Following a disappointing year for stocks and bonds in 2022 and an uneven recovery throughout 2023, many financial professionals are searching for better ways to diversify their asset allocations. Fortunately, there are several alternative investment strategies financial professionals are turning to in order to balance a traditional stock and bond portfolio.
Against this backdrop, commercial real estate continues to draw increasing attention among financial professionals as a non-correlated asset that may help reduce portfolio volatility and potentially provide an alternative source of income.1 However, the commercial real estate market is vast, and identifying the appropriate investment structures and asset types is challenging.
This blog provides insight into a few commercial property types that appear well-positioned for continued growth in the years ahead and that we believe should warrant consideration as a real estate allocation.
Complimenting the Core Four
Most financial professionals are familiar with what is commonly referred to as the core four commercial property types - office, retail, multifamily, and industrial. These asset classes have long been recognized as the large anchors that constitute the commercial property market and that, over time, have tended to weather changing market cycles.
Yet the COVID-19 pandemic created a tremendous disruption among certain commercial properties like office and retail, making it much more difficult for financial professionals to project the future performance of these strategies. Subsequently, other property sectors have moved to the forefront as demographic and demand drivers change, and a few could be effective compliments for a balanced portfolio.
To get a sense of the size of the self-storage market, a visual snapshot may be the best approach.
The U.S. self-storage market has been one of the top-performing commercial real estate sectors for the last few years, fueled by many of the consumer behavioral changes induced by the pandemic. Yet the sector appears to be on solid ground going forward. As noted recently by CBRE Investment Management:
“Operating fundamentals have been at, or near, all-time highs the last three years. Occupancy levels are in the 94%-96% range, giving landlords pricing power and driving robust revenue growth nationwide. Average rents have risen by an average of 5.8% over the past five years, spiking 17.4% in 2021, according to Yardi Matrix reporting of self-storage REITs. Consequently, the sector has proven to be a strong inflation hedge, with annual rent growth largely outpacing CPI over the past five years.” 3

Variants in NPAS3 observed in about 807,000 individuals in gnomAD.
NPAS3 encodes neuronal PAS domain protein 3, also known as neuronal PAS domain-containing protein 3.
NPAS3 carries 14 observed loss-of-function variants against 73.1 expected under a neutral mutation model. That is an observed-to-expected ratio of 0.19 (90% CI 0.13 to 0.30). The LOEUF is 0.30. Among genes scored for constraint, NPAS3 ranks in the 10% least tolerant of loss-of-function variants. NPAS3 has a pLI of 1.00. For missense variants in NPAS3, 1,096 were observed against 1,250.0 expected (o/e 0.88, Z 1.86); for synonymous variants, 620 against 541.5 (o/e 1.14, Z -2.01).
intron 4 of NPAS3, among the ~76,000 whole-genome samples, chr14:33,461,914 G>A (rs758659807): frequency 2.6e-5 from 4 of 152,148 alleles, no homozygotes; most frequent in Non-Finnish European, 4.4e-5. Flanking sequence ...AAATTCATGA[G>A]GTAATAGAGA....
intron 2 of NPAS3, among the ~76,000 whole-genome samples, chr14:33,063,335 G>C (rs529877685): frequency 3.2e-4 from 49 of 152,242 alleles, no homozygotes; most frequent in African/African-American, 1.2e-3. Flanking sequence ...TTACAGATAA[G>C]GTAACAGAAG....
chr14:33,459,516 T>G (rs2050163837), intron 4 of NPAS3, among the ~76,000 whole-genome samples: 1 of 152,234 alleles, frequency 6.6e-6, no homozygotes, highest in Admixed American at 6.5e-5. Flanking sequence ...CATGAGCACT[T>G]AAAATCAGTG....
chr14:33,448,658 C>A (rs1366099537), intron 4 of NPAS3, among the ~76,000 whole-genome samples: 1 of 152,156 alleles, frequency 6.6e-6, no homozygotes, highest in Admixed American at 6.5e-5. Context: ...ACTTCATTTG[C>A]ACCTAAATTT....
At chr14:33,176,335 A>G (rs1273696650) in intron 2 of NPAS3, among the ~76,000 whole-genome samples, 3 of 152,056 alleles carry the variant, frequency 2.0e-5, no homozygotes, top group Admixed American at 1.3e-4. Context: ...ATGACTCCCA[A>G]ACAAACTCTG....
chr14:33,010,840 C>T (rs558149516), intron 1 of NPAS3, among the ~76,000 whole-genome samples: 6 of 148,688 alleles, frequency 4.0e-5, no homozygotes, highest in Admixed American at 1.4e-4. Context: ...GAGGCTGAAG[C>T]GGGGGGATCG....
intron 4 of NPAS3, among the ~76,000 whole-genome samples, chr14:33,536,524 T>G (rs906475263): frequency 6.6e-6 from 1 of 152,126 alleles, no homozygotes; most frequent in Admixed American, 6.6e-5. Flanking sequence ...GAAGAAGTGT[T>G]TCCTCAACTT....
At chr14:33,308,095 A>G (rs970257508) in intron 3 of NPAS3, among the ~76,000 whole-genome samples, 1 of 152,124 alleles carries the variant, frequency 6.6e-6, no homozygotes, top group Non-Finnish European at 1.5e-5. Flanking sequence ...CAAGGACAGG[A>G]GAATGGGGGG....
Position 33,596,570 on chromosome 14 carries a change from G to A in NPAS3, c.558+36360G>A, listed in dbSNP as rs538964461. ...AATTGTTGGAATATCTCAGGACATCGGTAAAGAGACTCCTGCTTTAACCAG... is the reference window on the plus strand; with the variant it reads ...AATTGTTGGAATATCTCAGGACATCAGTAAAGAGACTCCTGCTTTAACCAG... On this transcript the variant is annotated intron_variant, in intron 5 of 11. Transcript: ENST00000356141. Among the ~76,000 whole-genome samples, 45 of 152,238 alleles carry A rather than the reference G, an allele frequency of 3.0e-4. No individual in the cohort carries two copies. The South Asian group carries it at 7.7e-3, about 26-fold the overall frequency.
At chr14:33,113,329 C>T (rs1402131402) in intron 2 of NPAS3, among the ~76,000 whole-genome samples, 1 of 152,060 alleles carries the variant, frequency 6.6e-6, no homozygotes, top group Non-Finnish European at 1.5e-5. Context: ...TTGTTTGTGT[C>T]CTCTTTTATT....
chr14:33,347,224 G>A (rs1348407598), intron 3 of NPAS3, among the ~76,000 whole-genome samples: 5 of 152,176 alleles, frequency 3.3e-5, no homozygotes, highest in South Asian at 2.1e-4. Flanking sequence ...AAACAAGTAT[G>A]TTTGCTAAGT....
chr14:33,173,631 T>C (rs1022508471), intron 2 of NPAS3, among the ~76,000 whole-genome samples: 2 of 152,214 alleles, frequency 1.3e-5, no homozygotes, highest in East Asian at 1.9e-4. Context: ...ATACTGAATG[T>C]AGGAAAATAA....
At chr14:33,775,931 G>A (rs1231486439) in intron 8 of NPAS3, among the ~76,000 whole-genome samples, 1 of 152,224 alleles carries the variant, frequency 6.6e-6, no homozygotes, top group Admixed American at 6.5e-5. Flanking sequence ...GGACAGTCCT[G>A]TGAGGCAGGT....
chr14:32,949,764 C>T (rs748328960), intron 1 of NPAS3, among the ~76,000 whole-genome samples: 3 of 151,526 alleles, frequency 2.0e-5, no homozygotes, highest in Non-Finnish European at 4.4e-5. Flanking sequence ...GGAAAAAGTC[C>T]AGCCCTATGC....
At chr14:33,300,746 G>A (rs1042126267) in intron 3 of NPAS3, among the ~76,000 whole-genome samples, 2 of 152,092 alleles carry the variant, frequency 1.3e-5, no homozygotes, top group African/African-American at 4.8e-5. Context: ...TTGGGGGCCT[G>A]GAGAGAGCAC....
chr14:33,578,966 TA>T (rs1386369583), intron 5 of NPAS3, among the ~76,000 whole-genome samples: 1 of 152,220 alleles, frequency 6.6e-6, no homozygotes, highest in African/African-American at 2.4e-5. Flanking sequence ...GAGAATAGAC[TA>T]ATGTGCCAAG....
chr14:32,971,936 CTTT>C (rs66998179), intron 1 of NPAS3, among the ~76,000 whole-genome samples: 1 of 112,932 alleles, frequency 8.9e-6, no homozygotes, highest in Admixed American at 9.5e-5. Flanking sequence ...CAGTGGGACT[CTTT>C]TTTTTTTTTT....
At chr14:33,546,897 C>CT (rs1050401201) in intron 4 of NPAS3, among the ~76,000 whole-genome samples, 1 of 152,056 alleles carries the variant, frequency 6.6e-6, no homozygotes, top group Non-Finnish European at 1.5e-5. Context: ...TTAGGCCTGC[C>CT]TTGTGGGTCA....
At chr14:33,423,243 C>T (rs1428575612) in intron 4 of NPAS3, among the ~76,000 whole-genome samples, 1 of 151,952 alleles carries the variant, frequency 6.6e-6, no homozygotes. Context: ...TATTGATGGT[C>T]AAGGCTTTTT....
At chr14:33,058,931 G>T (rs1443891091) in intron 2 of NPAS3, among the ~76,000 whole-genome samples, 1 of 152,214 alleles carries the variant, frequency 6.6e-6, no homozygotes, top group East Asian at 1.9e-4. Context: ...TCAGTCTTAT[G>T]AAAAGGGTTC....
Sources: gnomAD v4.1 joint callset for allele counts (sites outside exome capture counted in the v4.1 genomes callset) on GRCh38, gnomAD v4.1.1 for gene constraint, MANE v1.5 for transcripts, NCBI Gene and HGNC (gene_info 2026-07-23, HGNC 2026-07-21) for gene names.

CBRE, May 2023
With many companies adapting to a hybrid workplace culture, the demand for self-storage continues as many Americans are changing living situations.
And we believe that demographic trends such as relocation and the aging of the millennial generation also continue to be strong drivers of self-storage.
In fact, the self-storage sector is recognized as a unique asset class that takes advantage of omnipresent life events known as the “Four D’s.”
The healthcare sector, which consists of properties such as medical office buildings, senior living facilities, hospitals, etc., is growing despite economic headwinds. The aging U.S. population is increasing the need for medical services and senior housing facilities. The United States Census Bureau has reported that by the end of 2023, those aged 75+ will increase to 24.4 million, and Americans 85 years or older will hit 6.9 million.4
By 2030, all baby boomers will be older than age 65 – meaning that one in five Americans will be of retirement age. By 2060, that number will increase to nearly one in four Americans who will be 65 years old or older.5
Medical Office Buildings
The trend toward outpatient care was accelerated by the COVID-19 pandemic and highlighted the importance of well-equipped and well-located healthcare facilities. We believe that the growth of medical office buildings (MOBs) reflects the healthcare industry’s need to offer more local services instead of relying on one large hospital or health system alone.
Outpatient care helps reduce the strain on hospitals, allowing them to focus on treating patients who do not require hospitalization but must have a medical procedure. These consumer advantages have driven continued growth in the MOB market, as you can see here.
The senior housing subsector has its own set of demand drivers that we believe will likely fuel growth for many years. Demand for senior housing facilities is expected to increase significantly in the coming years due to the long-term tailwinds from the aging baby boomer generation. Increasing occupancy rates and other factors tell the story.